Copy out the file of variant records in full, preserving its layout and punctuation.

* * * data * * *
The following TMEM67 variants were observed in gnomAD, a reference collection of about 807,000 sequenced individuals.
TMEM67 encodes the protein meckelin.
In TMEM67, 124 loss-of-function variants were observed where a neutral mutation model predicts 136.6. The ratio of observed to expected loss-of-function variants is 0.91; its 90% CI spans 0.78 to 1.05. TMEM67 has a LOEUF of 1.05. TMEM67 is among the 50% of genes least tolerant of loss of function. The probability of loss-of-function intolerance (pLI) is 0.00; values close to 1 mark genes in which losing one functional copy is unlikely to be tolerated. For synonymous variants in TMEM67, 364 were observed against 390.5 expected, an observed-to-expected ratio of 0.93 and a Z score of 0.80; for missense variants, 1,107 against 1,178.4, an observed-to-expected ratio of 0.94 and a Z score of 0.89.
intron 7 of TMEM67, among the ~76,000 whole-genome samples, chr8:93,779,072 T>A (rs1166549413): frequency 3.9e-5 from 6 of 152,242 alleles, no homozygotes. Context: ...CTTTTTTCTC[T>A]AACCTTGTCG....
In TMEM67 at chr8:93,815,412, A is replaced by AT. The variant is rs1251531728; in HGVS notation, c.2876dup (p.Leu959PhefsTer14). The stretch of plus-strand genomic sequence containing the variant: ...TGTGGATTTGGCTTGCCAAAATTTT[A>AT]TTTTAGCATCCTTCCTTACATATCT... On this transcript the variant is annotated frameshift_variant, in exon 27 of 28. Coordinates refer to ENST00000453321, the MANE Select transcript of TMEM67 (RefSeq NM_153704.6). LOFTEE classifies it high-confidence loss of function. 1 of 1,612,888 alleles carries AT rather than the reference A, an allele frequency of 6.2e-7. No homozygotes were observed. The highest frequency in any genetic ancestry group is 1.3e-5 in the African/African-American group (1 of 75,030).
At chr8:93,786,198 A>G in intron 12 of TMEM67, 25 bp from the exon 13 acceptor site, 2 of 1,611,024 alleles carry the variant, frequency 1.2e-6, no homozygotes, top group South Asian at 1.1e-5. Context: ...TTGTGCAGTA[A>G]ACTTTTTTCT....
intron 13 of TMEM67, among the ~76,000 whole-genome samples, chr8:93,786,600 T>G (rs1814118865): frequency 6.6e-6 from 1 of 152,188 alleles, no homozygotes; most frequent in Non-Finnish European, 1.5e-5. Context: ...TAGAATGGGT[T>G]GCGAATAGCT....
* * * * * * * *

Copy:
The following TMEM67 variants were observed in gnomAD, a reference collection of about 807,000 sequenced individuals.
TMEM67 encodes the protein meckelin.
In TMEM67, 124 loss-of-function variants were observed where a neutral mutation model predicts 136.6. The ratio of observed to expected loss-of-function variants is 0.91; its 90% CI spans 0.78 to 1.05. TMEM67 has a LOEUF of 1.05. TMEM67 is among the 50% of genes least tolerant of loss of function. The probability of loss-of-function intolerance (pLI) is 0.00; values close to 1 mark genes in which losing one functional copy is unlikely to be tolerated. For synonymous variants in TMEM67, 364 were observed against 390.5 expected, an observed-to-expected ratio of 0.93 and a Z score of 0.80; for missense variants, 1,107 against 1,178.4, an observed-to-expected ratio of 0.94 and a Z score of 0.89.
intron 7 of TMEM67, among the ~76,000 whole-genome samples, chr8:93,779,072 T>A (rs1166549413): frequency 3.9e-5 from 6 of 152,242 alleles, no homozygotes. Context: ...CTTTTTTCTC[T>A]AACCTTGTCG....
In TMEM67 at chr8:93,815,412, A is replaced by AT. The variant is rs1251531728; in HGVS notation, c.2876dup (p.Leu959PhefsTer14). The stretch of plus-strand genomic sequence containing the variant: ...TGTGGATTTGGCTTGCCAAAATTTT[A>AT]TTTTAGCATCCTTCCTTACATATCT... On this transcript the variant is annotated frameshift_variant, in exon 27 of 28. Coordinates refer to ENST00000453321, the MANE Select transcript of TMEM67 (RefSeq NM_153704.6). LOFTEE classifies it high-confidence loss of function. 1 of 1,612,888 alleles carries AT rather than the reference A, an allele frequency of 6.2e-7. No homozygotes were observed. The highest frequency in any genetic ancestry group is 1.3e-5 in the African/African-American group (1 of 75,030).
At chr8:93,786,198 A>G in intron 12 of TMEM67, 25 bp from the exon 13 acceptor site, 2 of 1,611,024 alleles carry the variant, frequency 1.2e-6, no homozygotes, top group South Asian at 1.1e-5. Context: ...TTGTGCAGTA[A>G]ACTTTTTTCT....
intron 13 of TMEM67, among the ~76,000 whole-genome samples, chr8:93,786,600 T>G (rs1814118865): frequency 6.6e-6 from 1 of 152,188 alleles, no homozygotes; most frequent in Non-Finnish European, 1.5e-5. Context: ...TAGAATGGGT[T>G]GCGAATAGCT....